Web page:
Anita Katyal | BJP for Sourav as Bengal CM; Cong farmer cell has no chief

The Asian Age.  | Anita Katyal

Opinion, Columnists

The BJP has apparently put together a copious dossier on Ganguly and his family’s business interests in its effort to persuade him


What do Tamil superstar Rajinikanth and cricketing hero Sourav Ganguly have in common? Both have been wooed assiduously by the Bharatiya Janata Party which is making strenuous efforts to expand its footprint in Tamil Nadu and West Bengal, the home states of the two legends. And both Rajinikanth and Ganguly were recently hospitalised following a medical emergency. The BJP ran out of luck with Rajinikanth, who had first declared his intention to float a new political party and contest the forthcoming Assembly polls in Tamil Nadu, but decided not to take the plunge after his short stint in hospital. However, there is no clarity about Ganguly’s political ambitions. But the BJP has not given up on him and is working hard on roping in Ganguly. The saffron party wishes to project the former cricket captain as its chief ministerial candidate since the party does not have a state leader who can take on West Bengal chief minister Mamata Banerjee. The BJP has apparently put together a copious dossier on Ganguly and his family’s business interests in its effort to persuade him. The BJP’s eagerness here is understandable as word on the street is that the ruling Trinamul Congress will be routed if Ganguly decides to enter the fray.

Both politicians and journalists from Tamil Nadu get extremely agitated when they are spoken to in Hindi, insisting that since they do not understand the language, they should be addressed in English. It was, therefore, a surprise when Tiruchi Siva, DMK’s Rajya Sabha member, belted out several Hindi film songs at a farewell dinner organised by him for Congress leader Ghulam Nabi Azad who retired from the Upper House earlier this month. His rendition of “ek pyaar ka nagma hai” and “kabhie kabhie mere dil mein” drew an instant applause from the guests who demanded an encore. Azad, who walked in while Siva was singing, remarked laughingly that there could not be a better welcome when one is greeted by a Tamilian singing Hindi songs.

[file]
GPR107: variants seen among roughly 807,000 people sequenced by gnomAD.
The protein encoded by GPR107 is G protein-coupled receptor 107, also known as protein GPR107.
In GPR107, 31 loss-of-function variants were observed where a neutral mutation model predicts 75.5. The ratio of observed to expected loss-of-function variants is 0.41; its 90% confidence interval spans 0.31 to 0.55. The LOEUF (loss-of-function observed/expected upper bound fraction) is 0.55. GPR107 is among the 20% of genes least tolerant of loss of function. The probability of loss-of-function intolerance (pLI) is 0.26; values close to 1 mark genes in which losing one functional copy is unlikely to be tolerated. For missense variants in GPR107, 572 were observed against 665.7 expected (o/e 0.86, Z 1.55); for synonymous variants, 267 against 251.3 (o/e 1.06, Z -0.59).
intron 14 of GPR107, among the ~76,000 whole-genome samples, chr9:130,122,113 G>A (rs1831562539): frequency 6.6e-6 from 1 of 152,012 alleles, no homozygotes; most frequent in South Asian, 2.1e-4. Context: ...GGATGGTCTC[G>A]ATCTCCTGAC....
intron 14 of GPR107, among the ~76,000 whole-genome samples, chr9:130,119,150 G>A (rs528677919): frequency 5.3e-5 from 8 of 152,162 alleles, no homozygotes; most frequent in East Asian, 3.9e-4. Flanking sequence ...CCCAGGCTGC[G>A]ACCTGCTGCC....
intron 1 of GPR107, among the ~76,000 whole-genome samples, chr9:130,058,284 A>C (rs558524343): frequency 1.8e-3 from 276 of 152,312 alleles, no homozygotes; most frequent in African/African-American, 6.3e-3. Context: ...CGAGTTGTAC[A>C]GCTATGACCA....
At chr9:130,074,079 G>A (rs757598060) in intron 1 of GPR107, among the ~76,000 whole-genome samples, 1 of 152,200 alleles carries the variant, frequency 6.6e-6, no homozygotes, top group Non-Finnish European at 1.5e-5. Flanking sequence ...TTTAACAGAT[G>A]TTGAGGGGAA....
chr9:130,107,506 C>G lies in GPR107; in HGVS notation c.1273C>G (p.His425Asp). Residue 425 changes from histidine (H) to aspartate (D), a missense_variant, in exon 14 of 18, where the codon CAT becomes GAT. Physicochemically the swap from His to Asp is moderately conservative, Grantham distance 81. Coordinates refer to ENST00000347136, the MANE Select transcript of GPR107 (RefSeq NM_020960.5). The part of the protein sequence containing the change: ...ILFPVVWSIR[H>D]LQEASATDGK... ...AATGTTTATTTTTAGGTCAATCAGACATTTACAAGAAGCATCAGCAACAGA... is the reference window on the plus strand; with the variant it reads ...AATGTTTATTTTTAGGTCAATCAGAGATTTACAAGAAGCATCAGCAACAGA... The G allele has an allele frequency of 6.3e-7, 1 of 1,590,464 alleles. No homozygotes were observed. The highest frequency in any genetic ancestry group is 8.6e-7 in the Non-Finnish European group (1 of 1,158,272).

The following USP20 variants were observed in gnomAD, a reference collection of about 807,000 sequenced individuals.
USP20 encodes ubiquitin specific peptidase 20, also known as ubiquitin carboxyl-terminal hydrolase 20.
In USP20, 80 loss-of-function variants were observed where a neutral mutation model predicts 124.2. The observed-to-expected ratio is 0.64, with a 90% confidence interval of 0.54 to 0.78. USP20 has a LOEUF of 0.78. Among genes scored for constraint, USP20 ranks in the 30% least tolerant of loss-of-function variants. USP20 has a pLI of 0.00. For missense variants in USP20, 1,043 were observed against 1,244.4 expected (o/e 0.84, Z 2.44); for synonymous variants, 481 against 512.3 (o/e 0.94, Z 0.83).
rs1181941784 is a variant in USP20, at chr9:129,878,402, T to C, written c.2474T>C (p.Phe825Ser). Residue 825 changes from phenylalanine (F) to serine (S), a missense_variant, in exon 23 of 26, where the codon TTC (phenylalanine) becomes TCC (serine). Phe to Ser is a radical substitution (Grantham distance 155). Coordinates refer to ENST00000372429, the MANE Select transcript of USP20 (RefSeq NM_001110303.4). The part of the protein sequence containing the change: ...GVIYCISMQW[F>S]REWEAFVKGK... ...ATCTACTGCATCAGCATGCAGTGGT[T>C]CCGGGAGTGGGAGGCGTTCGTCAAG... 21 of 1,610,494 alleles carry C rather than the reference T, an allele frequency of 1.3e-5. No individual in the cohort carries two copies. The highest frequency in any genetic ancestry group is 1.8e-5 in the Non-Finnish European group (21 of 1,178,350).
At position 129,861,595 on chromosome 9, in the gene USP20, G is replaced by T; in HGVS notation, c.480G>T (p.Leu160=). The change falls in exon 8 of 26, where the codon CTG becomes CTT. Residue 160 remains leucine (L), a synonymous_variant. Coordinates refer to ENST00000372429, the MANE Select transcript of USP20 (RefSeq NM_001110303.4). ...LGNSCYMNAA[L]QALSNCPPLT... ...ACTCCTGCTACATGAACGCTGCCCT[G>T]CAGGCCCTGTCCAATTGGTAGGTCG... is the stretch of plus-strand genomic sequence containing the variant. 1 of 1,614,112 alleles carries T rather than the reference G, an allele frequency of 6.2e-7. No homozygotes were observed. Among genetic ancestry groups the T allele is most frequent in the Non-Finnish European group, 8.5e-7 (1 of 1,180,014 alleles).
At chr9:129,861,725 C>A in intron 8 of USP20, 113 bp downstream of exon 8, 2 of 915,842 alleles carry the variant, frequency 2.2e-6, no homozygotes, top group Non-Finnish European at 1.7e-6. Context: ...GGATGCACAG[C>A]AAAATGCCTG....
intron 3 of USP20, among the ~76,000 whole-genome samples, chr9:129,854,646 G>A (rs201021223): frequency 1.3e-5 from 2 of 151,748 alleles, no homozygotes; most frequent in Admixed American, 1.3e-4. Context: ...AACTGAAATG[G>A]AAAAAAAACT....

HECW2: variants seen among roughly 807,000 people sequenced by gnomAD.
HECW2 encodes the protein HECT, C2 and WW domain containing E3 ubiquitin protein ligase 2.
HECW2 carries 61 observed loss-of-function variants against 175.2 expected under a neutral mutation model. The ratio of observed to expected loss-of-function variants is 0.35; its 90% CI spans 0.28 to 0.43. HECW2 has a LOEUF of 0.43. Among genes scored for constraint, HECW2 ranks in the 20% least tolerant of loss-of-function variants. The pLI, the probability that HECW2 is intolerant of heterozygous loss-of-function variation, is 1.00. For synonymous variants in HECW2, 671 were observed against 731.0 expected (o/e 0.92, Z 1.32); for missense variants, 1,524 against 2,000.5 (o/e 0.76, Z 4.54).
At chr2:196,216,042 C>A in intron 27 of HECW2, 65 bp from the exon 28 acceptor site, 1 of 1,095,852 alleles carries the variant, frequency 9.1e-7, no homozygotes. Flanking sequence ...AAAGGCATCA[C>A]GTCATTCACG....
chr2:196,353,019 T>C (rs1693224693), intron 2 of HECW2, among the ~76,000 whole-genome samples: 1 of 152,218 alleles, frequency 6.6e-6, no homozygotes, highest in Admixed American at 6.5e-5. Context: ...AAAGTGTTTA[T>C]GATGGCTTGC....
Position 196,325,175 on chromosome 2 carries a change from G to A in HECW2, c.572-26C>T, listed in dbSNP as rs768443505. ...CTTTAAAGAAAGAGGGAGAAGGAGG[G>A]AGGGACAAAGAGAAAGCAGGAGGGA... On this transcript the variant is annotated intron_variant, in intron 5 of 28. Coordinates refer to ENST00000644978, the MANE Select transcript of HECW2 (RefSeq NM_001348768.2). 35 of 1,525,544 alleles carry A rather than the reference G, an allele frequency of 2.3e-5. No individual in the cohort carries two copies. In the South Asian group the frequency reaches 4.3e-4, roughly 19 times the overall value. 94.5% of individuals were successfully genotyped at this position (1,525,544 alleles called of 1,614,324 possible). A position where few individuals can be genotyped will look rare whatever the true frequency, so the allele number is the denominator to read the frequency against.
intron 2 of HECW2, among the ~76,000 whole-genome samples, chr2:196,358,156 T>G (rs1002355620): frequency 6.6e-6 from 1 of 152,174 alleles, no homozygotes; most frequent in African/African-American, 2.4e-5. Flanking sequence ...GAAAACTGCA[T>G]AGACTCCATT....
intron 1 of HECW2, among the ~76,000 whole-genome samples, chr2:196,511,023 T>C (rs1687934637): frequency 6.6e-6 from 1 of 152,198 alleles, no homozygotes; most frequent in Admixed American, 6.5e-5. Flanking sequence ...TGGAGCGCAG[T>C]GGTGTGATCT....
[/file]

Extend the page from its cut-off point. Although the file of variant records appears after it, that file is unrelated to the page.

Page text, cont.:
Congress general secretary Priyanka Gandhi Vadra has finally bestirred herself and begun touring Uttar Pradesh in an effort to revive the party in the electorally crucial Hindi heartland state. She recently reiterated Congress support for the agitating farmers at several maha panchayats in Western UP and later travelled to Allahabad where she took a holy dip in the Sangam on the auspicious occasion of Mauni Amavasya. According to Congress insiders, Priyanka will be spending more time in the state with an eye on next year’s Assembly polls. As a result, the Congress office in Lucknow has been renovated and a special vehicle has been purchased for her travels.

Priyanka’s communications team has also been beefed up. Social media experts, filmmakers and researchers have been specially drafted for the UP challenge. This team’s task is to build the Congress profile in the state. Not an easy task given that the party has been out in the cold in UP for over three decades.

Despite Congress, president Sonia Gandhi’s intervention, differences between Punjab chief minister Amarinder Singh and his bete noire Navjot Singh Sidhu are yet to be sorted out. Harish Rawat, Congress general secretary in charge of Punjab, has held a series of meetings with Amarinder Singh to arrive at a compromise formula but to little avail. The former cricketer is keen on taking over as president of the Punjab Congress but the chief minister has said an emphatic “No” and has instead grudgingly offered to accommodate Sidhu in the Cabinet. But Sidhu is not keen on joining the Captain’s Cabinet. Sonia Gandhi wants Sidhu to be rehabilitated soon as assembly elections in Punjab are due next year, especially since there is talk that if he does not have his way, Sidhu will start addressing farmers’ meetings in the hope of emerging as a rallying force for the peasantry currently agitating against the Centre’s farm laws. While the Central leadership is worried, it could prove difficult to persuade Amarinder Singh who is feeling emboldened after the Congress swept the civic polls.

It is ironic that at a time when the Congress has come out in strong support of the farmers agitating against the Centre’s farm laws, the party’s department/cell mandated to study and take up issues pertaining to farmers and agriculture has been headless for nearly a year now. The party’s All-India Kisan Congress was headed by Nana Patole who was subsequently named Speaker in the Maharashtra Assembly when the Congress joined the Shiv Sena and the Nationalist Congress Party to form a coalition government in the western state. Patole recently resigned as Speaker after he was appointed president of the Maharashtra Pradesh Congress Committee. Most departments/cells set up by the Congress are virtually defunct, having little to offer in terms of programmes or activities. It appears they exist only to placate members with posts which, in reality, do not mean anything.